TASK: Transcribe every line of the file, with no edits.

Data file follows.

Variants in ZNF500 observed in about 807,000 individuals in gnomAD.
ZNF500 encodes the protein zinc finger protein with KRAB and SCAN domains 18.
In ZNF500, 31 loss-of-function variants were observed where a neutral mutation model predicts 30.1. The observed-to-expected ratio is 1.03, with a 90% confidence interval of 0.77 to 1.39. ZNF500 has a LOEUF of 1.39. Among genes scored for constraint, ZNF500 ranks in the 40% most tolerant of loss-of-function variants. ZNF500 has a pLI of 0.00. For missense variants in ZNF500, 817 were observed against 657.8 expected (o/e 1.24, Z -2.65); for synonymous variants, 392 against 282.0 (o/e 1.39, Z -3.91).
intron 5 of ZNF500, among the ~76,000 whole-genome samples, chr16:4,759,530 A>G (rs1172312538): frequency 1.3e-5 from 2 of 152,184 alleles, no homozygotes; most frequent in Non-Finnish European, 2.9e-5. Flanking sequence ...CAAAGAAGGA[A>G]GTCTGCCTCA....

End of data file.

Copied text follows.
Variants in ZNF500 observed in about 807,000 individuals in gnomAD.
ZNF500 encodes the protein zinc finger protein with KRAB and SCAN domains 18.
In ZNF500, 31 loss-of-function variants were observed where a neutral mutation model predicts 30.1. The observed-to-expected ratio is 1.03, with a 90% confidence interval of 0.77 to 1.39. ZNF500 has a LOEUF of 1.39. Among genes scored for constraint, ZNF500 ranks in the 40% most tolerant of loss-of-function variants. ZNF500 has a pLI of 0.00. For missense variants in ZNF500, 817 were observed against 657.8 expected (o/e 1.24, Z -2.65); for synonymous variants, 392 against 282.0 (o/e 1.39, Z -3.91).
intron 5 of ZNF500, among the ~76,000 whole-genome samples, chr16:4,759,530 A>G (rs1172312538): frequency 1.3e-5 from 2 of 152,184 alleles, no homozygotes; most frequent in Non-Finnish European, 2.9e-5. Flanking sequence ...CAAAGAAGGA[A>G]GTCTGCCTCA....